This crisis will have a significant impact on the industry in the short term and lower down the leagues it could be worse. Transfers don't feel important at the moment but clubs are businesses and will be trying to find ways to compete when this is all over. So talking about this subject can hopefully act as some form of distraction from the constant negativity in the news at the moment!
Most well run clubs will have identified their transfer targets long before this pandemic set in and Spurs are one of those clubs. But the landscape has changed. There will be a big impact on the transfer market that will be felt right across the industry. There is a feeling that football will bounce back but the key question is when.
In the short-term, we might see an increase in the number of loans with options to buy, which was already a fairly common way of doing a deal anyway. There will also be staggered permanent transfer payments. When you hear us in the media talk about a player costing £40m, it is very rarely paid up front. So for a club like Spurs, I think it'll be creative loans or very specific structure payments. The club is looking to strengthen but what they have to play with is unclear and won't be clear until football returns.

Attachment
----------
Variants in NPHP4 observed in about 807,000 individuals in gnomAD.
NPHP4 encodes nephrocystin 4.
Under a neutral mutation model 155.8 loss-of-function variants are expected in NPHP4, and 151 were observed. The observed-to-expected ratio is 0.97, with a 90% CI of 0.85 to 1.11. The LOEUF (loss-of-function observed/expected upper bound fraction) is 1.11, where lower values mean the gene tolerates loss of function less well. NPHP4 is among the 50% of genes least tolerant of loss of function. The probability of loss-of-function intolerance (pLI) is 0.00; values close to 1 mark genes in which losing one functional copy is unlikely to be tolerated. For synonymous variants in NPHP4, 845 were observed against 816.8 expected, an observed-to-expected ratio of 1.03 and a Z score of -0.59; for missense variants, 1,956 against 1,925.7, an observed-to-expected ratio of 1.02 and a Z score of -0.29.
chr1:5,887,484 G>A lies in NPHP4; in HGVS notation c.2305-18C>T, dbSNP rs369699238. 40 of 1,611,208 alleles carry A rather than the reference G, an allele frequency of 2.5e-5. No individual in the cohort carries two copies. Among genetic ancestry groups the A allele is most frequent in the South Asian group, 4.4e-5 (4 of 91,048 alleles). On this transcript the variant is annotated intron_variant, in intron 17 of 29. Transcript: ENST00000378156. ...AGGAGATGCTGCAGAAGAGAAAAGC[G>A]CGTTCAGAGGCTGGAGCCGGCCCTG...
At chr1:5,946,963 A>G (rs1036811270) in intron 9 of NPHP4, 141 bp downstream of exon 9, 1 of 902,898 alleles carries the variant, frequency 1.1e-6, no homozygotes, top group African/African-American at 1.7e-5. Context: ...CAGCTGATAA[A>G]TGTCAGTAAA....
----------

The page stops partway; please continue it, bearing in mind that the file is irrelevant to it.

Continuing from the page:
Have Spurs truly replaced Mousa Dembele? mednickstagram (Instagram)
LT: Tanguy Ndombele was signed as the replacement for Mousa Dembele in a club-record £54m deal. Although he has had a disappointing first season so far, he is still young and the club have made a huge investment in him, so they will continue to work on developing his potential.
He has all the attributes to be a 'new Dembele' but he should be judged by his own merits really and what he does for the team, and he has the potential to be a top No 8.
They have also brought in the younger Gedson Fernandes as an understudy and his loan runs for another season after this one is finished. The Portugal prodigy has been entrusted to his compatriot Mourinho to develop into the star their country believe he can be, and Spurs will hope he does enough to merit signing on a permanent deal.
What is going to happen to Ndombele? yeshiv.h (Instagram)
PG: I know the club see him as a huge asset and they want to get the best out of him. They've spent big on him by Tottenham standards, so the priority is to get him fit and get him over the dental problems he's had too. They also need help him adapt to the Premier League, such as coping with Burnley away.